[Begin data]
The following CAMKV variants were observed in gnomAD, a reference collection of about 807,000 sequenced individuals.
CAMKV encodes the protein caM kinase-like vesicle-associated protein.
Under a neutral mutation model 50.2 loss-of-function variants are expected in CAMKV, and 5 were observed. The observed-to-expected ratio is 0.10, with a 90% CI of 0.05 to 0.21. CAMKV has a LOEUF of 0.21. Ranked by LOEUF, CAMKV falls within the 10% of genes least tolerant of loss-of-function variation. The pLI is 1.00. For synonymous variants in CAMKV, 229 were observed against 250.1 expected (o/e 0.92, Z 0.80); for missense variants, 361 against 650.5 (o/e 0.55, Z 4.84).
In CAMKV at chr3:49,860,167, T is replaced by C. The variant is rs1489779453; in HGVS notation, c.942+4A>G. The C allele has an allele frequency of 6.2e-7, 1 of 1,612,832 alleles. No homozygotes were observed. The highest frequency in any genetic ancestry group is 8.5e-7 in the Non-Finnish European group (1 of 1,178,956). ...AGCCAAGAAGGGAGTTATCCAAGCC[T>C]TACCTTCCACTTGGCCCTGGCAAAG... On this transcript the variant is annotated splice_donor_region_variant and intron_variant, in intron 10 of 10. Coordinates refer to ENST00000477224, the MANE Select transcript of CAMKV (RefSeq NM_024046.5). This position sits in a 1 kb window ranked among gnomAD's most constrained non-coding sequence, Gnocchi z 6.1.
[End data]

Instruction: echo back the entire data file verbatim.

The following CAMKV variants were observed in gnomAD, a reference collection of about 807,000 sequenced individuals.
CAMKV encodes the protein caM kinase-like vesicle-associated protein.
Under a neutral mutation model 50.2 loss-of-function variants are expected in CAMKV, and 5 were observed. The observed-to-expected ratio is 0.10, with a 90% CI of 0.05 to 0.21. CAMKV has a LOEUF of 0.21. Ranked by LOEUF, CAMKV falls within the 10% of genes least tolerant of loss-of-function variation. The pLI is 1.00. For synonymous variants in CAMKV, 229 were observed against 250.1 expected (o/e 0.92, Z 0.80); for missense variants, 361 against 650.5 (o/e 0.55, Z 4.84).
In CAMKV at chr3:49,860,167, T is replaced by C. The variant is rs1489779453; in HGVS notation, c.942+4A>G. The C allele has an allele frequency of 6.2e-7, 1 of 1,612,832 alleles. No homozygotes were observed. The highest frequency in any genetic ancestry group is 8.5e-7 in the Non-Finnish European group (1 of 1,178,956). ...AGCCAAGAAGGGAGTTATCCAAGCC[T>C]TACCTTCCACTTGGCCCTGGCAAAG... On this transcript the variant is annotated splice_donor_region_variant and intron_variant, in intron 10 of 10. Coordinates refer to ENST00000477224, the MANE Select transcript of CAMKV (RefSeq NM_024046.5). This position sits in a 1 kb window ranked among gnomAD's most constrained non-coding sequence, Gnocchi z 6.1.